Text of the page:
I think this book took longer for me to read than any other book I have ever read, especially in light of the fact that it was relatively short, had no plot and had only two main characters. Well, it sounded good from the description, touching, poignant and laugh out loud, funny - a mother and son point, counterpoint on how the son who was gay, came out and his mom's reaction. Turned out to be so boring. Robert Rave came across as shallow and self involved, someone whose mission was to find a boyfriend.  Not a kind, caring life partner, but a Latin lover, no matter his positive qualities, ones that are essential to any real relationship. The anecdotes are all trivial. Mom's responses added nothing of interest. When Robert finally does meet someone and they move in together, there is no explanation, none at all, of how that relationship began or ended.  Robert's self absorption about his own neurosis, the pressure to stay hot and viable after age 30 and the paralyzingly fear of waking up alone every day come across just fine. But he wants his story to be authentic; instead it is filled with the worst sort of stereotypes imaginable. Don't waste your time.
ironicqueery on LibraryThing 4 days ago
Conversations and Cosmopolitans is a touching book between mother and son. Robert Rave writes a chapter of various aspects of his life - coming out, friends, trips, and so forth, and his mother, Jane Rave, gives her take on the events afterwards in the Mama Says section. It's great seeing two perspectives on various events. It makes for a revealing look at how two people view the experiences they share. This book makes for a great example of how a mother and son can open up and really get close to one another, no matter the trials and tribulations they go through.
stephivist on LibraryThing 4 days ago
This book was entirely middle-of-the-road for me. Overall, I enjoyed the story enough, but the format didn¿t really grab me and I found myself losing interest easily.
morningrob on LibraryThing 4 days ago
Conversations and Cosmopolitans by Robert and Jane Rave was not the book I expected. Based on the cover images and description, I expected a humor book. However, this book was a cross between a number of styles of writing- part memoir, part social commentary, part therapist session, and, yes, part humor. Essentially, the book is mostly writing by Robert and starts with his coming out to his parents. It then follows the ups and downs of his life- work, dating, family relations, the normal aspects of life. Interspersed between chapters are reflections by his mother. The writing is above average and the book moves along. It is not a particularly difficult read. It would have been nice to have some more commentary by his mother, I think it would have filled out the book. However, overall it was a good book. I would call it a good beach read.
frandell on LibraryThing 4 days ago
This mother-son writing team gives each other the best support one could ever need. I enjoyed reading about the intimacies that are shared and the inner-solutions that are found.
kellyatfsu on LibraryThing 4 days ago
I really enjoyed this book! It was very interesting to hear two different peoples perspectives on the same events. A touching memoir that made me laugh and cry. I would definitely recommend this book!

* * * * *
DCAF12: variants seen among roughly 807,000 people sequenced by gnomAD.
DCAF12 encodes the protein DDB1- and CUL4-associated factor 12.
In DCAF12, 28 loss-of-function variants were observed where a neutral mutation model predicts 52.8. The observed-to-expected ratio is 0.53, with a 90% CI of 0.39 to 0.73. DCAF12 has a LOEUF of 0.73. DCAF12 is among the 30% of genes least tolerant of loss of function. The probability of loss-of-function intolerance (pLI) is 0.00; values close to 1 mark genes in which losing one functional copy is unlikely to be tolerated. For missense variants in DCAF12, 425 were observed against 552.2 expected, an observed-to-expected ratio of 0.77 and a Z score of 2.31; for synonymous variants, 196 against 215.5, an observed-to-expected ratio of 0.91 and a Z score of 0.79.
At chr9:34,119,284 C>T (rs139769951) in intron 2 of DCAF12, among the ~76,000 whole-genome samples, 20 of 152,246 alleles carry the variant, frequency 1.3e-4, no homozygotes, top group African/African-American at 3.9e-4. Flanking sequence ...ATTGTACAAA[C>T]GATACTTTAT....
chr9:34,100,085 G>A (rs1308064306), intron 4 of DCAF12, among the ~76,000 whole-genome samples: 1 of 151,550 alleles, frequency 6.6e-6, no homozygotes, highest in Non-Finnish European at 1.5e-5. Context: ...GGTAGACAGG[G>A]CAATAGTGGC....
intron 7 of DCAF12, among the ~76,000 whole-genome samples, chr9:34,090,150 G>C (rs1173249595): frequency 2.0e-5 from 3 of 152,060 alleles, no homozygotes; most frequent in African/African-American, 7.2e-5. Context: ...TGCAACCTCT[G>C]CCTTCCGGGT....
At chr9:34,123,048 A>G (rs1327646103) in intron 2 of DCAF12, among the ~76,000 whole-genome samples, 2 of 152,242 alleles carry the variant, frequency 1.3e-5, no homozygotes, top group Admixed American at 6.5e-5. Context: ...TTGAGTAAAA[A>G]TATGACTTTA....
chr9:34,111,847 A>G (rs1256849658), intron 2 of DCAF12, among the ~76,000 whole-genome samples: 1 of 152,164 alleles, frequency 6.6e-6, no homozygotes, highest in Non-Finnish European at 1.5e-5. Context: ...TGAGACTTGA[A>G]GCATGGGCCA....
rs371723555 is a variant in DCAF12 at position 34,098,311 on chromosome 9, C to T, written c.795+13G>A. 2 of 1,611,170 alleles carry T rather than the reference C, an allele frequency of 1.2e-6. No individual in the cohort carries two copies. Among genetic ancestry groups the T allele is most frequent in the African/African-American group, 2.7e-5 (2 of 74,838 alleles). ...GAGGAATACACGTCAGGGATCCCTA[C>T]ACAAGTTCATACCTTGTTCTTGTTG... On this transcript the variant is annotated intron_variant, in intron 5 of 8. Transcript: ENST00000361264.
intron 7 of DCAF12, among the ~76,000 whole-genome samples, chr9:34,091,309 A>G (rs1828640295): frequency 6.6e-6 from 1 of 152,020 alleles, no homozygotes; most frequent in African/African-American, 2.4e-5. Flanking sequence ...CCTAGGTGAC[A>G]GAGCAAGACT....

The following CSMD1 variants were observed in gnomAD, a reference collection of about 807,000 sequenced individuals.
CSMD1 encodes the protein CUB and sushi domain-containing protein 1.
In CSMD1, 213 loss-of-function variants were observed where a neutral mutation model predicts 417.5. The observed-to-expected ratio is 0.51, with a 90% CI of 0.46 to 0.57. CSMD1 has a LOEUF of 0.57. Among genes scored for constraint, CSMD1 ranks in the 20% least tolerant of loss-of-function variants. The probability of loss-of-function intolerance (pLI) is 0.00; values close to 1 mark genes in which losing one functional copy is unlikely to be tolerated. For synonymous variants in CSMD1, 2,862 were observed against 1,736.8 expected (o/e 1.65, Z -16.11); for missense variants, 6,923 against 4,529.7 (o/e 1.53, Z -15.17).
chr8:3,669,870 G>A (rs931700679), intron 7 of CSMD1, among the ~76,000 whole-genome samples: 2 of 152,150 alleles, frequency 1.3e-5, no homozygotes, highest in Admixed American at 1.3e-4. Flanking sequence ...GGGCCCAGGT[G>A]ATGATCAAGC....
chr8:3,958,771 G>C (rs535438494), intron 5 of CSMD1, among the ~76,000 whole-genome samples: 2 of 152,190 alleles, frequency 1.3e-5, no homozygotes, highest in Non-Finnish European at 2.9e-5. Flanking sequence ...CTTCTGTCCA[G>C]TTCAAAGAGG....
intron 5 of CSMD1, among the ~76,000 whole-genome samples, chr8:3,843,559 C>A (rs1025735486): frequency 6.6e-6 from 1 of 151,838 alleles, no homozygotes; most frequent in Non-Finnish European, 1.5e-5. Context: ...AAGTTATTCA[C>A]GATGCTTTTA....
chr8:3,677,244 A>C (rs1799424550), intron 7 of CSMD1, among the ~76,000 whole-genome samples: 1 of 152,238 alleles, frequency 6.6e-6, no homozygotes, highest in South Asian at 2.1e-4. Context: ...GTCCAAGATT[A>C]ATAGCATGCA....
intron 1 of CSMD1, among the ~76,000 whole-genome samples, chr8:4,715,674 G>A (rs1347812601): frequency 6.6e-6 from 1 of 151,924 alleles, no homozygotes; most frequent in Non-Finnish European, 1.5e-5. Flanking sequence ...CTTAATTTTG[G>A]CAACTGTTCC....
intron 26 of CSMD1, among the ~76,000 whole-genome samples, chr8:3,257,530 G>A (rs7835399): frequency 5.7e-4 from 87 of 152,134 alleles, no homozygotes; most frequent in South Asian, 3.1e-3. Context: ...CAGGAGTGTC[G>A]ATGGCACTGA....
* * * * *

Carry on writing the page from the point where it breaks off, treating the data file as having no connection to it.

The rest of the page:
MaryinHB on LibraryThing 4 days ago
Robert Rave has written his memoir with the help of his mother and Jane Rave captured my heart. The first chapter opens with the letter Robert wrote his parents to tell them he is gay. All Robert remembers is that his mother pointed out all his grammatical mistakes. His mother remembers it quite differently, but that fact she didn't respond to the elephant in the room in a way to make him uncomfortable and instead focused more on his writing skills, which seems unintentional, but it is a mother's love that stays positive while she was distressed. This give and take between the two is quite magical and honest. I can really see where Robert gets his skill for words since his mother has a very conversational tone about hers. This book isn't really about Robert coming out, but more about the close relationship he shares with his mother and how that bond was built. I swear there were some points when I was thankful she asked some of the things she did and Robert had such a strong relationship with her that he could answer so honestly. There is a lot of humor woven in as well as those bittersweet moments. If you are a fan of humor-filled memoirs with a skewed look on life, then you will enjoy this one!
amhamilt on LibraryThing 4 days ago
Conversations and Cosmopolitans is an unflinchingly honest memoir of sorts written by Robert Rave after coming out to his parents. Each chapter relates an experience he had after coming out and is followed by commentary from his mother, Jane Rave.The book is written openly and honestly; the author leaves almost nothing (and I mean nothing!) out. In some places I cringe with embarrassment for Robert, and in many, many other places I laughed out loud.Rave had a pleasing writing style; I really admire his dry humor and wit. I enjoyed this book, I'll give it 3.5 out of 5 stars. It was a quick, entertaining read, but not something I'll read more than once. I really admire the author's courage, both in regards to coming out in the first place and certainly in regards to publishing some of the more embarrassing anecdotes.The book, in my opinion, is less about being gay, and more about developing an unbelievably honest relationship with his mother. Plus, its funny as heck. This book is self-deprecating humor at its very best.